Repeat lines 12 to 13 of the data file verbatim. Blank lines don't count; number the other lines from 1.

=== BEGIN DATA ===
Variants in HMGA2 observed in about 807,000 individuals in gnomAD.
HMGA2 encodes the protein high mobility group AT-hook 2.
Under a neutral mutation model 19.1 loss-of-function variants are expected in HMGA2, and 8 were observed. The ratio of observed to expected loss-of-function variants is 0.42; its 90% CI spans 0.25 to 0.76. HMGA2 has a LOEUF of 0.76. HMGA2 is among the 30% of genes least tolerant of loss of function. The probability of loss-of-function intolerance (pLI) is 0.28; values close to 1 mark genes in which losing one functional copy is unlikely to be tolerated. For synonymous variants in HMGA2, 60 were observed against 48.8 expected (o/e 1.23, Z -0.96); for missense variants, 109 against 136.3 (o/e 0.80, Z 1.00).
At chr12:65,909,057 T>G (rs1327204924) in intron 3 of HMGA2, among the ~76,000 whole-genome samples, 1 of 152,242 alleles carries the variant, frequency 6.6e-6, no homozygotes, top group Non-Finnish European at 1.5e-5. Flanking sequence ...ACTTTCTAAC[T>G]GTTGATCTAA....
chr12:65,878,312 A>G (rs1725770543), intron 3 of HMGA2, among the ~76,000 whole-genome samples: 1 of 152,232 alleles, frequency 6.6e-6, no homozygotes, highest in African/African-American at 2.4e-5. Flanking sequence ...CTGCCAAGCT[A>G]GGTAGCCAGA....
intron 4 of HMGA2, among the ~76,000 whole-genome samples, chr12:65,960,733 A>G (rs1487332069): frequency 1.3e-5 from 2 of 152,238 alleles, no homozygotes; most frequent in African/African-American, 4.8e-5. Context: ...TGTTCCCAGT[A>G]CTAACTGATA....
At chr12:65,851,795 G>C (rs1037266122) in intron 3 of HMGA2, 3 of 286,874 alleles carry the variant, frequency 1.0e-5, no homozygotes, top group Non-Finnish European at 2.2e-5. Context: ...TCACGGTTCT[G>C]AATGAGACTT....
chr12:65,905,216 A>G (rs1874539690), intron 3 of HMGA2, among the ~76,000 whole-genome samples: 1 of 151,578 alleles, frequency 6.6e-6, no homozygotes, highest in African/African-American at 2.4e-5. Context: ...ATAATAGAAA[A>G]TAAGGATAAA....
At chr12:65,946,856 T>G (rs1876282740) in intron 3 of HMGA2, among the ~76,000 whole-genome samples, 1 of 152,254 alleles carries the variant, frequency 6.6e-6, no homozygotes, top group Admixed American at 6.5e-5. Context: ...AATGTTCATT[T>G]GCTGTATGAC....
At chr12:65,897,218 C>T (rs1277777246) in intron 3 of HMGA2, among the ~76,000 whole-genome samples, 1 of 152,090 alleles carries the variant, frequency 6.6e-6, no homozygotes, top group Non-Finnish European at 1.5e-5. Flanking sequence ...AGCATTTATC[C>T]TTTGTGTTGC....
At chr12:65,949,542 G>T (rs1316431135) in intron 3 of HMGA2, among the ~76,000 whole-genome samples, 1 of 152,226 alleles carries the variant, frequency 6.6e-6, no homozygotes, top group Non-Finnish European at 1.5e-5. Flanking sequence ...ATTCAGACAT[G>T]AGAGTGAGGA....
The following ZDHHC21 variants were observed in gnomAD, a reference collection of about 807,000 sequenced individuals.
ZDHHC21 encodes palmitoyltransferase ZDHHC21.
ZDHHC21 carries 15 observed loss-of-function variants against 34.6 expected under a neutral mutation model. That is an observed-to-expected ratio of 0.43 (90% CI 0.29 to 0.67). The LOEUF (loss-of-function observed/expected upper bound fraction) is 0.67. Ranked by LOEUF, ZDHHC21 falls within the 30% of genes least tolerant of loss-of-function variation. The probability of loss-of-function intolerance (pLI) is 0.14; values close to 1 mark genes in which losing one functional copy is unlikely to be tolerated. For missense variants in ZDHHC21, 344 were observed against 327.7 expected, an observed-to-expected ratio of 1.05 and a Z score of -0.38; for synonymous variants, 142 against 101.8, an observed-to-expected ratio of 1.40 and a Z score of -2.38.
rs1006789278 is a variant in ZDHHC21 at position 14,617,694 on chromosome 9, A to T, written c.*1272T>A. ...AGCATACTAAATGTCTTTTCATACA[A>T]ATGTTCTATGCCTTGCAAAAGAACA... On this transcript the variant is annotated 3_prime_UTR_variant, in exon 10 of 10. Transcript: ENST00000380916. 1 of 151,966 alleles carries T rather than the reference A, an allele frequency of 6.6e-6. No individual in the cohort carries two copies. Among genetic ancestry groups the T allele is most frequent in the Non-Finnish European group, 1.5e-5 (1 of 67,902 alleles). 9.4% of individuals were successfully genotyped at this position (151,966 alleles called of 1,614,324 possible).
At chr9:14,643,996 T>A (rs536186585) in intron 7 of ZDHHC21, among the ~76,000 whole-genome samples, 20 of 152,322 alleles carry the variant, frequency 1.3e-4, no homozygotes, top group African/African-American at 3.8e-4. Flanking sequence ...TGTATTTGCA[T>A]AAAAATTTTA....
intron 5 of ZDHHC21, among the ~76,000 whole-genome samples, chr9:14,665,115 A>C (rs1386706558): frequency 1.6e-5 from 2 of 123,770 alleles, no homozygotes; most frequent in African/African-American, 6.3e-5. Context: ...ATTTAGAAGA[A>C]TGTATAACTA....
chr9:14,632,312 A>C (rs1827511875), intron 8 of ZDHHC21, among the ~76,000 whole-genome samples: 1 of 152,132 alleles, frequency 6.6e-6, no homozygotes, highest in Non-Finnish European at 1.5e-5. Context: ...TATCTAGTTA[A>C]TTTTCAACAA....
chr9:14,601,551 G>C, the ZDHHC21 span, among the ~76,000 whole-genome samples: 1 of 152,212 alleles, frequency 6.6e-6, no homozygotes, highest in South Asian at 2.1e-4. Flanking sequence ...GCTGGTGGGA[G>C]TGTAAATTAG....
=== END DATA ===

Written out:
The following ZDHHC21 variants were observed in gnomAD, a reference collection of about 807,000 sequenced individuals.
ZDHHC21 encodes palmitoyltransferase ZDHHC21.